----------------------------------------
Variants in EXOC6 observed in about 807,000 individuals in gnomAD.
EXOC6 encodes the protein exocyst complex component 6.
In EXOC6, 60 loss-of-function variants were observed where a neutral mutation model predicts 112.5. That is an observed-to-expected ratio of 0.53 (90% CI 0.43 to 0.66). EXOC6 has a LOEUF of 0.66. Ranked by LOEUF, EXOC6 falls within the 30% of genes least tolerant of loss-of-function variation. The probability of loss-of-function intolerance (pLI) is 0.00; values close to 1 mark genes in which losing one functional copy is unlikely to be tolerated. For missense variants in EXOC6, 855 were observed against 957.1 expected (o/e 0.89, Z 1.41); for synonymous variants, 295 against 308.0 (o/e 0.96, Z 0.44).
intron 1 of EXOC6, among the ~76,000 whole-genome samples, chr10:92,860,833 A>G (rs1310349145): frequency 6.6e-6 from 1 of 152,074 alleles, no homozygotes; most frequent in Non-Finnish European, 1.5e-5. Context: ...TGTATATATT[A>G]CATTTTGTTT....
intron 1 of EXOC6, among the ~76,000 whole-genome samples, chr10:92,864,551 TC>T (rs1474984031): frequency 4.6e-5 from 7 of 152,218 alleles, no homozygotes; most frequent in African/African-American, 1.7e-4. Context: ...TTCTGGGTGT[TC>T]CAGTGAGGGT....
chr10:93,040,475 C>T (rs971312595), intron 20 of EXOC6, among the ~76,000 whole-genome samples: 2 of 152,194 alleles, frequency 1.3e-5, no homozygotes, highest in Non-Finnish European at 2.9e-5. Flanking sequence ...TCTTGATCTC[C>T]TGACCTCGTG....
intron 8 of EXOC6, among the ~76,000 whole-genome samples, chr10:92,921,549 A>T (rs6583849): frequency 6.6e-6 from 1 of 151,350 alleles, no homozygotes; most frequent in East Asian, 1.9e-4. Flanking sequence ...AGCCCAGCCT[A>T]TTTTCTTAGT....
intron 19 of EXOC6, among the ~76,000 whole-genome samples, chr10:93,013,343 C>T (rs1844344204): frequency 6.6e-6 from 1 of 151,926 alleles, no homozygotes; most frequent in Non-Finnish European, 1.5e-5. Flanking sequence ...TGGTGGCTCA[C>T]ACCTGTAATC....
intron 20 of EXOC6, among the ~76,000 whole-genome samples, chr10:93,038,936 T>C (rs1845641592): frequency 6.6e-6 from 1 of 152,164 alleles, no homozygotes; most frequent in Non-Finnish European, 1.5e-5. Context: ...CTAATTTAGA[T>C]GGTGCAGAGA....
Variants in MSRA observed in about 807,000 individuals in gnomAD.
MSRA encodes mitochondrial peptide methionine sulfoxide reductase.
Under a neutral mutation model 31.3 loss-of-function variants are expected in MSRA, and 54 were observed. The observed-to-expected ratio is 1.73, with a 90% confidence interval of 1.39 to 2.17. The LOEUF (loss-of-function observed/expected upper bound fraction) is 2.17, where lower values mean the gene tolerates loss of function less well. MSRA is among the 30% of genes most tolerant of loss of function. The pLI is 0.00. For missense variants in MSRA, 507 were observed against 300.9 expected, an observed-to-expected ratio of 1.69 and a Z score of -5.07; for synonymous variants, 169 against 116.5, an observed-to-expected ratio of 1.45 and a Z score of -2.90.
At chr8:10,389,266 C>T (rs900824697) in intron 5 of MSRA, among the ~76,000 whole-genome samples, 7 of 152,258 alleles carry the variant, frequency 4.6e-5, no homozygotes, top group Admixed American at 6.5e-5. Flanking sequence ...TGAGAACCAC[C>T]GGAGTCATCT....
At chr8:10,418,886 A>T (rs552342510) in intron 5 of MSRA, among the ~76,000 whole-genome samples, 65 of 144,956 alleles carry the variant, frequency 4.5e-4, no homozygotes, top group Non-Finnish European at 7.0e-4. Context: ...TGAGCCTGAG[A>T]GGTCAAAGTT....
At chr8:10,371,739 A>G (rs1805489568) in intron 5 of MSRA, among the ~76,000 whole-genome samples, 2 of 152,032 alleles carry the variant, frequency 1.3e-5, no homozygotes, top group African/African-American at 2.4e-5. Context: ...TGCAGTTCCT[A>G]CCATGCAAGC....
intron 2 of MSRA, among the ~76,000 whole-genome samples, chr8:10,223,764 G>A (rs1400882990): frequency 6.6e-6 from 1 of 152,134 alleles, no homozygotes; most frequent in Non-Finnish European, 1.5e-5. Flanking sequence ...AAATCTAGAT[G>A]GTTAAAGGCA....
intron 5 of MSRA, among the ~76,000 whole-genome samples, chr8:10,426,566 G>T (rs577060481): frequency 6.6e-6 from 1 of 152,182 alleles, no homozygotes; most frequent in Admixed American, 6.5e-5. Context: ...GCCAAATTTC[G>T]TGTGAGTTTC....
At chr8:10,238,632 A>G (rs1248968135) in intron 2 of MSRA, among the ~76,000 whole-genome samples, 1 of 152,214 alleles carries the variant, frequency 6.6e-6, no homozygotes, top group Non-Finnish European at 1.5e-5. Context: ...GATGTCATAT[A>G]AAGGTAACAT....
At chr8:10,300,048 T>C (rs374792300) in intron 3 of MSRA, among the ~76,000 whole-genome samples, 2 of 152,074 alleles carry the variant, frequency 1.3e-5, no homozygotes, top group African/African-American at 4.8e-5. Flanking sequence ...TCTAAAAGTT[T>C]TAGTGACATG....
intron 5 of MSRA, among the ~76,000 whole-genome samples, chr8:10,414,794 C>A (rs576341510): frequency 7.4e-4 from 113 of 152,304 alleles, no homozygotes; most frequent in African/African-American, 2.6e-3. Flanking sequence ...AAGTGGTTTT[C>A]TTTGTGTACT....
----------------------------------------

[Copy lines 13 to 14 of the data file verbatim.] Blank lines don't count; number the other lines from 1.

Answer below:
At chr8:10,389,266 C>T (rs900824697) in intron 5 of MSRA, among the ~76,000 whole-genome samples, 7 of 152,258 alleles carry the variant, frequency 4.6e-5, no homozygotes, top group Admixed American at 6.5e-5. Flanking sequence ...TGAGAACCAC[C>T]GGAGTCATCT....
At chr8:10,418,886 A>T (rs552342510) in intron 5 of MSRA, among the ~76,000 whole-genome samples, 65 of 144,956 alleles carry the variant, frequency 4.5e-4, no homozygotes, top group Non-Finnish European at 7.0e-4. Context: ...TGAGCCTGAG[A>T]GGTCAAAGTT....